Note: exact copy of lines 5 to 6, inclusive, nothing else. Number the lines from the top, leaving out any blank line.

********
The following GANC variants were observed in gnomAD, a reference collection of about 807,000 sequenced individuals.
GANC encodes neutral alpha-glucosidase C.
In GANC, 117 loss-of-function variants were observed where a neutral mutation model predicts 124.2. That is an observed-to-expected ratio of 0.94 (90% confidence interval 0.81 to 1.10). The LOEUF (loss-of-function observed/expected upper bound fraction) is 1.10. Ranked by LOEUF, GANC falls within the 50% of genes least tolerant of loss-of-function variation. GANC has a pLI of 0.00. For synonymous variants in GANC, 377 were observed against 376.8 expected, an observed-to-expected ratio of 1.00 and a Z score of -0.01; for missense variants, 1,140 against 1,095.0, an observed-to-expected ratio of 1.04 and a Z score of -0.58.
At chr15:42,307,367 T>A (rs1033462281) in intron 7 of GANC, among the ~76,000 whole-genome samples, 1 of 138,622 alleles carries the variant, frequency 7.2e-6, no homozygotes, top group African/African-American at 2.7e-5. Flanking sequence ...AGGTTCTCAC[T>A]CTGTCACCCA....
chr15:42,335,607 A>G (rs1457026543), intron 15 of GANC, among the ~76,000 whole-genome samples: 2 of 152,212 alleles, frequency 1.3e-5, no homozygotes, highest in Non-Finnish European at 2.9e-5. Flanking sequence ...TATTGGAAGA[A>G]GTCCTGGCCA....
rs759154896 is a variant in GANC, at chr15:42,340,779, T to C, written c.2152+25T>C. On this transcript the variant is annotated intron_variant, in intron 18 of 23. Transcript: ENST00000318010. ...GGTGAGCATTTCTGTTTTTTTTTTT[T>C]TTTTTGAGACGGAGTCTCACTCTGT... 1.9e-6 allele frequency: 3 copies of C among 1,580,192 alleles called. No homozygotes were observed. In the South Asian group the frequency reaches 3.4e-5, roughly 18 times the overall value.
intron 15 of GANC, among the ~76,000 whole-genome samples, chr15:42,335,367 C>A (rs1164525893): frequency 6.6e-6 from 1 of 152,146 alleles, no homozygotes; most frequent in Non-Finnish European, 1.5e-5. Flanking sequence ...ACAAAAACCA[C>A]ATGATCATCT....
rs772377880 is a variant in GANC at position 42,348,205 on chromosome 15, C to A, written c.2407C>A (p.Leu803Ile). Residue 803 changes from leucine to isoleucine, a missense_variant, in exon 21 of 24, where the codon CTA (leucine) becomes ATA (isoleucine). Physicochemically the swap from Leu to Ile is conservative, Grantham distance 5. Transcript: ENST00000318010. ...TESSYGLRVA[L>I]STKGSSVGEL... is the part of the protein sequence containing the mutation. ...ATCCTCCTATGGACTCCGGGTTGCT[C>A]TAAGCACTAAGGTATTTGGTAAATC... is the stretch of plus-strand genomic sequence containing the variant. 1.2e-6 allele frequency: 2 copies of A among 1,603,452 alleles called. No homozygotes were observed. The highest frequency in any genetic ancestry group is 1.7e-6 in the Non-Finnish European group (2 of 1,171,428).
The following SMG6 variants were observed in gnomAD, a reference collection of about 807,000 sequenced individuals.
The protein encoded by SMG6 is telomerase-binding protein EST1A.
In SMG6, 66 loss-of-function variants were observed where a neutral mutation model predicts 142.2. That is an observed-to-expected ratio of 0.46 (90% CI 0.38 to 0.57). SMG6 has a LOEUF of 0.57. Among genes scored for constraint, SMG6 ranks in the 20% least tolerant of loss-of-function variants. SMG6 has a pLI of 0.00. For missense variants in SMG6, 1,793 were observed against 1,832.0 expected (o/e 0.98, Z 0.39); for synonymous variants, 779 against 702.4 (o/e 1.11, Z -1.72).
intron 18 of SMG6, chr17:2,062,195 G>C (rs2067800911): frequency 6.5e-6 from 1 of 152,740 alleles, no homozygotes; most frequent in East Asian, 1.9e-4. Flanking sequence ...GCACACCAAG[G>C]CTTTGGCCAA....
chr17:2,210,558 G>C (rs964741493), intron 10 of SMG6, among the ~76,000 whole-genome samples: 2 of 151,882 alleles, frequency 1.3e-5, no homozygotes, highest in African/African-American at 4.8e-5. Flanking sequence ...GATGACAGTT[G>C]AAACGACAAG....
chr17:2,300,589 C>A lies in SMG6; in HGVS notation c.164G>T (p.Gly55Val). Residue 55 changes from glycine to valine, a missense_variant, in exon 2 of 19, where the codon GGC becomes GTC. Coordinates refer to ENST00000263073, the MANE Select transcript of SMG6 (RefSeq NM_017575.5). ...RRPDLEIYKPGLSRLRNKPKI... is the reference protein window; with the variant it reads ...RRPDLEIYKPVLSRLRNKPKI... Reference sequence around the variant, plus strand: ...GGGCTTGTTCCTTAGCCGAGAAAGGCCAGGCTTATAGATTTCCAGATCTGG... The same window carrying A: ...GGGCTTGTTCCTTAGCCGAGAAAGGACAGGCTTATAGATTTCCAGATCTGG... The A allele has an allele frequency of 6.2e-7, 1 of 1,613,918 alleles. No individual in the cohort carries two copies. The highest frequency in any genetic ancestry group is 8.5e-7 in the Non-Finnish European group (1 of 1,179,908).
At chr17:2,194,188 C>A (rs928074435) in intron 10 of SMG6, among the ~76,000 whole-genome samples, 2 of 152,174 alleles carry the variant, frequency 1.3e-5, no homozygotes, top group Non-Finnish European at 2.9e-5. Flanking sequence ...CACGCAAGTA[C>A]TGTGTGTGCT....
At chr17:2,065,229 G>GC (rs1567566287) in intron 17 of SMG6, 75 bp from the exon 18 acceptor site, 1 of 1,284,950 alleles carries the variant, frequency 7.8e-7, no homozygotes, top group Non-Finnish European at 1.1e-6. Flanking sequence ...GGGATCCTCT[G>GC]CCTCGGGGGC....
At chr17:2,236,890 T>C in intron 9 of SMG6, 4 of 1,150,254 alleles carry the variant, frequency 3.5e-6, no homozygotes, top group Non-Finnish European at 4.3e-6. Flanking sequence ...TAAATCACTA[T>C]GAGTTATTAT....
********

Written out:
chr15:42,335,607 A>G (rs1457026543), intron 15 of GANC, among the ~76,000 whole-genome samples: 2 of 152,212 alleles, frequency 1.3e-5, no homozygotes, highest in Non-Finnish European at 2.9e-5. Flanking sequence ...TATTGGAAGA[A>G]GTCCTGGCCA....
rs759154896 is a variant in GANC, at chr15:42,340,779, T to C, written c.2152+25T>C. On this transcript the variant is annotated intron_variant, in intron 18 of 23. Transcript: ENST00000318010. ...GGTGAGCATTTCTGTTTTTTTTTTT[T>C]TTTTTGAGACGGAGTCTCACTCTGT... 1.9e-6 allele frequency: 3 copies of C among 1,580,192 alleles called. No homozygotes were observed. In the South Asian group the frequency reaches 3.4e-5, roughly 18 times the overall value.